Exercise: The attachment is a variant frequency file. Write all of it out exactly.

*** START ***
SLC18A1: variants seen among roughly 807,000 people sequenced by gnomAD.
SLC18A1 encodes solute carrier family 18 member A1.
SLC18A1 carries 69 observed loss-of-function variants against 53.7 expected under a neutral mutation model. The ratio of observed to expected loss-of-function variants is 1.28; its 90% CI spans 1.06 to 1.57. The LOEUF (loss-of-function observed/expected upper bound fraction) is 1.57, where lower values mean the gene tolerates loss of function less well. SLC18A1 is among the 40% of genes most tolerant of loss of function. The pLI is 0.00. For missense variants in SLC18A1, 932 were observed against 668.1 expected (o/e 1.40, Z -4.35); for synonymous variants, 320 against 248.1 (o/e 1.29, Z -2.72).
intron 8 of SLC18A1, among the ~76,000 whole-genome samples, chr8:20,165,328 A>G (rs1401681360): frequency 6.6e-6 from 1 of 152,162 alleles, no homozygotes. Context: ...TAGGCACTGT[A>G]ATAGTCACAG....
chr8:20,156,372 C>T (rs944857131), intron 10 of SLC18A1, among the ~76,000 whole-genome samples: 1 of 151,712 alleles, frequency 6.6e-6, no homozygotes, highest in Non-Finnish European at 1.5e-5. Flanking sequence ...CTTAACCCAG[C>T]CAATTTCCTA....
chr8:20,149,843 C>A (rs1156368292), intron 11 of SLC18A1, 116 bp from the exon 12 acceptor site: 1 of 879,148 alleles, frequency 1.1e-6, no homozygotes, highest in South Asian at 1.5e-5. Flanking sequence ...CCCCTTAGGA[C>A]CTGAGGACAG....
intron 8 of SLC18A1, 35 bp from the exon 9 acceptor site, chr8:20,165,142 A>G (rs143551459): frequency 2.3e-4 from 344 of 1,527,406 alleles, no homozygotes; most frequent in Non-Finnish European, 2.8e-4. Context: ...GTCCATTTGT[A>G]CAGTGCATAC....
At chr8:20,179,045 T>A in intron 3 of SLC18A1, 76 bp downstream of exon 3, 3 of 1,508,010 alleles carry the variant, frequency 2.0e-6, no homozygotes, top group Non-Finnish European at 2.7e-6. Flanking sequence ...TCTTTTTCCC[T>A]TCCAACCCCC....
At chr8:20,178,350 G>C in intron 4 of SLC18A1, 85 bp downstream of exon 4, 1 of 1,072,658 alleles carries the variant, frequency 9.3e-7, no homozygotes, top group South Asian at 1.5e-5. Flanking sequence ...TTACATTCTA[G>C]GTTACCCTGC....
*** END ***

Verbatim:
SLC18A1: variants seen among roughly 807,000 people sequenced by gnomAD.
SLC18A1 encodes solute carrier family 18 member A1.
SLC18A1 carries 69 observed loss-of-function variants against 53.7 expected under a neutral mutation model. The ratio of observed to expected loss-of-function variants is 1.28; its 90% CI spans 1.06 to 1.57. The LOEUF (loss-of-function observed/expected upper bound fraction) is 1.57, where lower values mean the gene tolerates loss of function less well. SLC18A1 is among the 40% of genes most tolerant of loss of function. The pLI is 0.00. For missense variants in SLC18A1, 932 were observed against 668.1 expected (o/e 1.40, Z -4.35); for synonymous variants, 320 against 248.1 (o/e 1.29, Z -2.72).
intron 8 of SLC18A1, among the ~76,000 whole-genome samples, chr8:20,165,328 A>G (rs1401681360): frequency 6.6e-6 from 1 of 152,162 alleles, no homozygotes. Context: ...TAGGCACTGT[A>G]ATAGTCACAG....
chr8:20,156,372 C>T (rs944857131), intron 10 of SLC18A1, among the ~76,000 whole-genome samples: 1 of 151,712 alleles, frequency 6.6e-6, no homozygotes, highest in Non-Finnish European at 1.5e-5. Flanking sequence ...CTTAACCCAG[C>T]CAATTTCCTA....
chr8:20,149,843 C>A (rs1156368292), intron 11 of SLC18A1, 116 bp from the exon 12 acceptor site: 1 of 879,148 alleles, frequency 1.1e-6, no homozygotes, highest in South Asian at 1.5e-5. Flanking sequence ...CCCCTTAGGA[C>A]CTGAGGACAG....
intron 8 of SLC18A1, 35 bp from the exon 9 acceptor site, chr8:20,165,142 A>G (rs143551459): frequency 2.3e-4 from 344 of 1,527,406 alleles, no homozygotes; most frequent in Non-Finnish European, 2.8e-4. Context: ...GTCCATTTGT[A>G]CAGTGCATAC....
At chr8:20,179,045 T>A in intron 3 of SLC18A1, 76 bp downstream of exon 3, 3 of 1,508,010 alleles carry the variant, frequency 2.0e-6, no homozygotes, top group Non-Finnish European at 2.7e-6. Flanking sequence ...TCTTTTTCCC[T>A]TCCAACCCCC....
At chr8:20,178,350 G>C in intron 4 of SLC18A1, 85 bp downstream of exon 4, 1 of 1,072,658 alleles carries the variant, frequency 9.3e-7, no homozygotes, top group South Asian at 1.5e-5. Flanking sequence ...TTACATTCTA[G>C]GTTACCCTGC....